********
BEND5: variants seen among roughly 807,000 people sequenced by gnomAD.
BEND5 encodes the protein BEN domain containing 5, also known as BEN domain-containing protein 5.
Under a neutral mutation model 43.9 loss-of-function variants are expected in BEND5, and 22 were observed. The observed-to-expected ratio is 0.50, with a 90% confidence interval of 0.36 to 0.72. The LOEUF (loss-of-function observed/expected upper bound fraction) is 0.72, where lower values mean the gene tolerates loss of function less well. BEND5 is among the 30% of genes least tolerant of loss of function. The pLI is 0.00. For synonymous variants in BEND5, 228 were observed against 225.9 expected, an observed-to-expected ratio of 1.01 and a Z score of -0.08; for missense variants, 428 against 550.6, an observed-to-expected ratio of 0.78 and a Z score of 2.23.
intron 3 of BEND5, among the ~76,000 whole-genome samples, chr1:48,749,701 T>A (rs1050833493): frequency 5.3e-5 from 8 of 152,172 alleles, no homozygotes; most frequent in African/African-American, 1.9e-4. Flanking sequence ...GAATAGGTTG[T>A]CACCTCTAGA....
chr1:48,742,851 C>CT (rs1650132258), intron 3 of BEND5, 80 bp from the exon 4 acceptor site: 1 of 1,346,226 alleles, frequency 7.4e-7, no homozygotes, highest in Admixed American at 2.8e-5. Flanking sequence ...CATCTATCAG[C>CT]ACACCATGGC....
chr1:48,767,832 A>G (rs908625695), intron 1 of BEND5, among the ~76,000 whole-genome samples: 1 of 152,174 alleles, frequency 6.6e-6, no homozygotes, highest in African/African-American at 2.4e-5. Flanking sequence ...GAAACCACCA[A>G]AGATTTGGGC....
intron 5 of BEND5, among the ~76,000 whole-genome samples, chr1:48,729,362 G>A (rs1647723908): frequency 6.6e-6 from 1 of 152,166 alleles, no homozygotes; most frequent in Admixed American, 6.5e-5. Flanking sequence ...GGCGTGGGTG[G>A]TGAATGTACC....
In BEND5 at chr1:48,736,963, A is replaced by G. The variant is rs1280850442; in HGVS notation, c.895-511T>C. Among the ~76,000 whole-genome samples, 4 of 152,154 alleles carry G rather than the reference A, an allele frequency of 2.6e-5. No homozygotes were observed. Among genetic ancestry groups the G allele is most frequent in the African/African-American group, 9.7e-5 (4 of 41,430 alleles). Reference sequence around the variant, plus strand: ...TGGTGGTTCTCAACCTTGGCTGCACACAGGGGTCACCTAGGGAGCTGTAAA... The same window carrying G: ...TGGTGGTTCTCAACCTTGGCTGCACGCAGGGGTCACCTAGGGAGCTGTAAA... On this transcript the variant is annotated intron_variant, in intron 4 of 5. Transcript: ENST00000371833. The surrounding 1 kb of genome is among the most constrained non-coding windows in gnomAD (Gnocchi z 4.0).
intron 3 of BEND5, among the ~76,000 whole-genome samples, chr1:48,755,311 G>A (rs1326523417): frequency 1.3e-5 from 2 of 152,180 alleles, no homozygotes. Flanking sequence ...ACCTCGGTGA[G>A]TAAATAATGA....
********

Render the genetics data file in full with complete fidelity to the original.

BEND5: variants seen among roughly 807,000 people sequenced by gnomAD.
BEND5 encodes the protein BEN domain containing 5, also known as BEN domain-containing protein 5.
Under a neutral mutation model 43.9 loss-of-function variants are expected in BEND5, and 22 were observed. The observed-to-expected ratio is 0.50, with a 90% confidence interval of 0.36 to 0.72. The LOEUF (loss-of-function observed/expected upper bound fraction) is 0.72, where lower values mean the gene tolerates loss of function less well. BEND5 is among the 30% of genes least tolerant of loss of function. The pLI is 0.00. For synonymous variants in BEND5, 228 were observed against 225.9 expected, an observed-to-expected ratio of 1.01 and a Z score of -0.08; for missense variants, 428 against 550.6, an observed-to-expected ratio of 0.78 and a Z score of 2.23.
intron 3 of BEND5, among the ~76,000 whole-genome samples, chr1:48,749,701 T>A (rs1050833493): frequency 5.3e-5 from 8 of 152,172 alleles, no homozygotes; most frequent in African/African-American, 1.9e-4. Flanking sequence ...GAATAGGTTG[T>A]CACCTCTAGA....
chr1:48,742,851 C>CT (rs1650132258), intron 3 of BEND5, 80 bp from the exon 4 acceptor site: 1 of 1,346,226 alleles, frequency 7.4e-7, no homozygotes, highest in Admixed American at 2.8e-5. Flanking sequence ...CATCTATCAG[C>CT]ACACCATGGC....
chr1:48,767,832 A>G (rs908625695), intron 1 of BEND5, among the ~76,000 whole-genome samples: 1 of 152,174 alleles, frequency 6.6e-6, no homozygotes, highest in African/African-American at 2.4e-5. Flanking sequence ...GAAACCACCA[A>G]AGATTTGGGC....
intron 5 of BEND5, among the ~76,000 whole-genome samples, chr1:48,729,362 G>A (rs1647723908): frequency 6.6e-6 from 1 of 152,166 alleles, no homozygotes; most frequent in Admixed American, 6.5e-5. Flanking sequence ...GGCGTGGGTG[G>A]TGAATGTACC....
In BEND5 at chr1:48,736,963, A is replaced by G. The variant is rs1280850442; in HGVS notation, c.895-511T>C. Among the ~76,000 whole-genome samples, 4 of 152,154 alleles carry G rather than the reference A, an allele frequency of 2.6e-5. No homozygotes were observed. Among genetic ancestry groups the G allele is most frequent in the African/African-American group, 9.7e-5 (4 of 41,430 alleles). Reference sequence around the variant, plus strand: ...TGGTGGTTCTCAACCTTGGCTGCACACAGGGGTCACCTAGGGAGCTGTAAA... The same window carrying G: ...TGGTGGTTCTCAACCTTGGCTGCACGCAGGGGTCACCTAGGGAGCTGTAAA... On this transcript the variant is annotated intron_variant, in intron 4 of 5. Transcript: ENST00000371833. The surrounding 1 kb of genome is among the most constrained non-coding windows in gnomAD (Gnocchi z 4.0).
intron 3 of BEND5, among the ~76,000 whole-genome samples, chr1:48,755,311 G>A (rs1326523417): frequency 1.3e-5 from 2 of 152,180 alleles, no homozygotes. Flanking sequence ...ACCTCGGTGA[G>A]TAAATAATGA....